Tamimi’s imprisonment a slap in the face for Israel

  • Paula
Seventeen-year-old Ahed Tamimi has become the poster child of the anti-occupation movement. She has been compared, among others, to Anne Frank, one of the most well-known victims of the Holocaust and Hannah Senesh, a Hungarian Jewish paratrooper captured and killed by the Nazis.
by PAULA SLIER | Aug 02, 2018

Tamimi describes herself as a freedom fighter. Since childhood, she has been involved in ongoing protests against the Israeli occupation in her village of Nabi Salih in the West Bank.

She made international headlines this week when she was released after spending more than half a year in prison, cementing her transformation from teenage activist into international icon.

Following her discharge, she met Palestinian President Mahmoud Abbas, and will reportedly be invited to South Africa by Mandla Mandela, Nelson Mandela’s grandson, to receive a special award for her “bravery, resistance and being a symbol of hope for millions”.

Turkish President Recep Erdogan phoned to commend her “bravery and determination to fight” and Lebanese Prime Minister Saad Hariri, among others, tweeted his support.

But it is the Israeli government and Israel Defence Forces (IDF) who ironically and unintentionally played a role in her shooting to stardom.

It stems back to December last year, when a demonstration in her village turned violent. In an effort to subdue the roughly 200 protestors who were throwing stones at them, Israeli soldiers entered Tamimi’s house.

The army claims some of the stone-throwers were inside. But in the ensuing violence, the soldiers shot Tamimi’s 15-year-old cousin, Mohammed, in the head at close range with a rubber-coated steel bullet, badly wounding him.

Afterwards, Tamimi, her mother and cousin, approached two soldiers outside the house and started slapping, kicking, and shoving them. The soldiers did not retaliate. The incident was filmed by someone standing farther away, posted online, and soon went viral on various social media networks.

And herein lies Israel’s quandary. Had the soldiers retaliated – by hitting her or arresting her on the spot – the backlash and criticism against the army would have been much worse. In a preliminary enquiry into the incident, the IDF found that the “commander acted professionally by not being dragged into [the use of] violence”.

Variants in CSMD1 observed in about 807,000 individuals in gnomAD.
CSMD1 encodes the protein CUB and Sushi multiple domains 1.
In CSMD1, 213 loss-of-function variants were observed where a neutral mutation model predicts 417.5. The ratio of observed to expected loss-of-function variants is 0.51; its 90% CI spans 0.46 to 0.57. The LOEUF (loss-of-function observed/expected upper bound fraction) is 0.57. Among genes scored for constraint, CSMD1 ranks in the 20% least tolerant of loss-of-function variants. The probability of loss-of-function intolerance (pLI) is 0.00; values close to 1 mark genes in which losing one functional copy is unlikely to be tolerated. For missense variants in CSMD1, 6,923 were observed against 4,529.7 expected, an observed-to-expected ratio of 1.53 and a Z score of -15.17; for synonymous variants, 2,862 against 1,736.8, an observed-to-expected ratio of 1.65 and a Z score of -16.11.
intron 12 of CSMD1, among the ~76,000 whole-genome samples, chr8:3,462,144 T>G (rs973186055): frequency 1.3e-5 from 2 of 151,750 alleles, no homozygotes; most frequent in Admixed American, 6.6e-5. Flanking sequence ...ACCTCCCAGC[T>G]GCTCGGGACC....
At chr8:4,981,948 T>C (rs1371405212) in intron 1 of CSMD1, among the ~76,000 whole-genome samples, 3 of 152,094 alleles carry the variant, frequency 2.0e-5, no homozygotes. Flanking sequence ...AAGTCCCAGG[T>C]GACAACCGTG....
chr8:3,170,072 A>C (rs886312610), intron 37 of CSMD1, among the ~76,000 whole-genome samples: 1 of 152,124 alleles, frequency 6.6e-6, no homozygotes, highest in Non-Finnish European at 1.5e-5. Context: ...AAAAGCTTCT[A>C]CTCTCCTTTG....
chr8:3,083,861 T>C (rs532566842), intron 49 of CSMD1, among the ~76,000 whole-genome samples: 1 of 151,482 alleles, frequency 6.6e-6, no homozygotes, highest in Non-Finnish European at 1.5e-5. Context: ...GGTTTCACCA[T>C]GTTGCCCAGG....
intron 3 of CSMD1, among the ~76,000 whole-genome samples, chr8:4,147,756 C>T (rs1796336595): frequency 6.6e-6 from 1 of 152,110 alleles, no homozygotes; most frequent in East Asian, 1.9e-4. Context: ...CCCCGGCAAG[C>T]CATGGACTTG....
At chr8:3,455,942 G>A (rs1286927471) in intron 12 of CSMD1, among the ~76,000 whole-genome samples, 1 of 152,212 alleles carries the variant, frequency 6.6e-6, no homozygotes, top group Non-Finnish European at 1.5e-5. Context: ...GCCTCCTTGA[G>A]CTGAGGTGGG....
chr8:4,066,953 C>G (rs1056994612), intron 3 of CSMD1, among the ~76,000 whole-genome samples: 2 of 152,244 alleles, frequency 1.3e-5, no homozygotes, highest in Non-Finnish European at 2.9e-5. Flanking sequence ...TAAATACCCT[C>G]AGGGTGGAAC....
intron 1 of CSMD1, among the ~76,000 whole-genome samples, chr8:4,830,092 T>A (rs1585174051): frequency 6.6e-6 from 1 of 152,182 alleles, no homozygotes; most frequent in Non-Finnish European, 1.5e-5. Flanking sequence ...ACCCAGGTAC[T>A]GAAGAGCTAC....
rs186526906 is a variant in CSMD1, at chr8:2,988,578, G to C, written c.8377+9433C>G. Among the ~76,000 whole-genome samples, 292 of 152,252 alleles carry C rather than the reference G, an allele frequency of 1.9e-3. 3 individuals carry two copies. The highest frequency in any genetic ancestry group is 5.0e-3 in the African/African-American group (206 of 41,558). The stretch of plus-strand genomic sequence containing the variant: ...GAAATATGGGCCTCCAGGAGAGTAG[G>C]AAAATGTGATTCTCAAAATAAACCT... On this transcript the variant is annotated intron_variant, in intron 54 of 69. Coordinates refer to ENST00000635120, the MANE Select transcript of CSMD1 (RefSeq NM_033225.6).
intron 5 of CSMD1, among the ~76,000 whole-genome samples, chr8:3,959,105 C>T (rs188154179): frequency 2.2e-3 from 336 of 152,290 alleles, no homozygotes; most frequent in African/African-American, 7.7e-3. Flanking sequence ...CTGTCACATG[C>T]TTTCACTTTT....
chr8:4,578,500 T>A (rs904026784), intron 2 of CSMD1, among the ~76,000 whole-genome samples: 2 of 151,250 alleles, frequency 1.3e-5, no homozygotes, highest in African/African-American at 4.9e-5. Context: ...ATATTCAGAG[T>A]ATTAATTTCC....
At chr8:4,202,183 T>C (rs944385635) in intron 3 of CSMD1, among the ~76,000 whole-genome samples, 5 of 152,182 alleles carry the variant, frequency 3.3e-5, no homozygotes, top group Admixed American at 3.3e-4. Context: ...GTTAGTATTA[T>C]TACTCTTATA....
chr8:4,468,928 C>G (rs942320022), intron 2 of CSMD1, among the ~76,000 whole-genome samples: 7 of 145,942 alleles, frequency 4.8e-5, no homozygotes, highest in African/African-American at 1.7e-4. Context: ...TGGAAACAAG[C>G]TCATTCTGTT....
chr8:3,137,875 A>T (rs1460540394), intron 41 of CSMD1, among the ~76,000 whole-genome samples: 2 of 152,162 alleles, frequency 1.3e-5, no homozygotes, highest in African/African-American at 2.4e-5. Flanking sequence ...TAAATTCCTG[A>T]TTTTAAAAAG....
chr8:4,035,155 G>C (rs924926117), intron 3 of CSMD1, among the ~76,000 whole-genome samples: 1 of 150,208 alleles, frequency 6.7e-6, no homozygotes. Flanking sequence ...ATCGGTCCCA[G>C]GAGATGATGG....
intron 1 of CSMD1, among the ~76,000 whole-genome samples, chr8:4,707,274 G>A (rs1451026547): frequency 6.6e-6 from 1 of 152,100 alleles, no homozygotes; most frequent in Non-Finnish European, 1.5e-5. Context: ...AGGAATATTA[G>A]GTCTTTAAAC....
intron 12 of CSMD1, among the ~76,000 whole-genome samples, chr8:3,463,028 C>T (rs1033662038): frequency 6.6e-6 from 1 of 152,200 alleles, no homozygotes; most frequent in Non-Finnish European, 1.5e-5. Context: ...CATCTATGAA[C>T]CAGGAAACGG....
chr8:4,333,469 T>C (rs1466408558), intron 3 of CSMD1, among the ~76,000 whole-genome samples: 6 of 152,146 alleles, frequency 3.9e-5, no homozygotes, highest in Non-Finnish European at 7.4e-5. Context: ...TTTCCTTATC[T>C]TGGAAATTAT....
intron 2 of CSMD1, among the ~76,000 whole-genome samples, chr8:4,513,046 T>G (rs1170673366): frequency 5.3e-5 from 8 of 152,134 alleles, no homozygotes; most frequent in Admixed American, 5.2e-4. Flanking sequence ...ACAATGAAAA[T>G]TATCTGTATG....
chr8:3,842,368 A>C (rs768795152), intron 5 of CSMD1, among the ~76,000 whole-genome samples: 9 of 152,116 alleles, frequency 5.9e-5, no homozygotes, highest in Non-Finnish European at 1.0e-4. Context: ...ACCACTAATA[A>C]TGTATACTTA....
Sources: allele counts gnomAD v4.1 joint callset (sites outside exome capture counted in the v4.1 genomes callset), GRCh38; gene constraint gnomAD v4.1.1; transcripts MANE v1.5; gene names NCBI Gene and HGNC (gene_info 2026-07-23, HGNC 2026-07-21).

But by not responding, the IDF’s pride was hurt and more importantly many Israelis were disturbed by the video of their soldiers being provoked with no punishment being meted out.

It sparked a furious debate inside the country in which leftwing voices argued that the soldiers should be commended for showing restraint.

But a former Knesset (Parliament) member remarked that he missed Elor Azaria, the Israeli soldier who served nine months in prison for killing a wounded Palestinian assailant in Hebron almost two-and-a-half years ago. Naftali Bennett, Education Minister and leader of The Jewish Home party added his voice, saying he hoped the girls would “end their lives in jail”.

Presumably this is why thirteen days later, the army arrested Tamimi, her mother and cousin, and charged them with assault, incitement, and throwing stones.

When pressed as to why it didn’t carry out the arrests at the time of the incident, the IDF said it could have “because they [Tamimi, her cousin, and mother] used physical violence, and because of the fact that they tried to interfere with soldiers carrying out their duties”.

Defence Minister Avigdor Lieberman declared that, “those who harm our soldiers by day are arrested by night”. No doubt, his intention was to deter other young Palestinians who might consider following in Tamimi’s footsteps.

However, what he didn’t count on was that by trying to make an example of her, he unwittingly helped to turn Tamimi into a symbol of resistance.

The IDF didn’t help either. It distributed footage of her arrest to all media, who obligingly broadcast it. But what foreign audiences saw on their television screens and computer monitors was very different to what Israelis saw. Whereas Israelis saw their soldiers being provoked, foreigners saw a young woman who’d grown up under Israeli occupation fighting against oppressive soldiers.

It is this that Israel sometimes forgets. The international media landscape – as a rule of thumb – is more sympathetic to the Palestinian struggle, and Tamimi’s blond hair and light features resonate with many foreign audiences.

A picture will always be worth a thousand words, and a teenager who doesn’t wear a hijab or burqa and looks typically European will always evoke more empathy than a heavily armed Israeli soldier.

Regardless of how erudite pro-Israeli spokespeople are, and regardless of the accusations that Tamimi’s family has links with terrorism and stages protests, she is the most photographed Palestinian woman of the past five years.

Tamimi’s arrest and imprisonment ultimately did more damage to Israel’s international image than the initial video of her slapping a soldier ever could.

1 Comment

  1. 1 Ishai 03 Aug
    Dear Paula,

    Whilst you raise a few true points regarding the PR failure of the IDF/Israel, ultimately I disagree with you.
    Whilst things could have been handled differently, ultimately Israel will always be blamed, regardless of how well the PR aspect of this incident is handled. We know the reason - and it hasn't really changed throughout history.
    With this in mind, it is essentially irrelevant how much Israel's PR is improved, and that is - in my opinion - why Israel sometimes seems indifferent/not fully committed to polishing their international image. They know, that whatever they say or do will be twisted and turned against them, just like the good that they do almost always gets overlooked and ignored.


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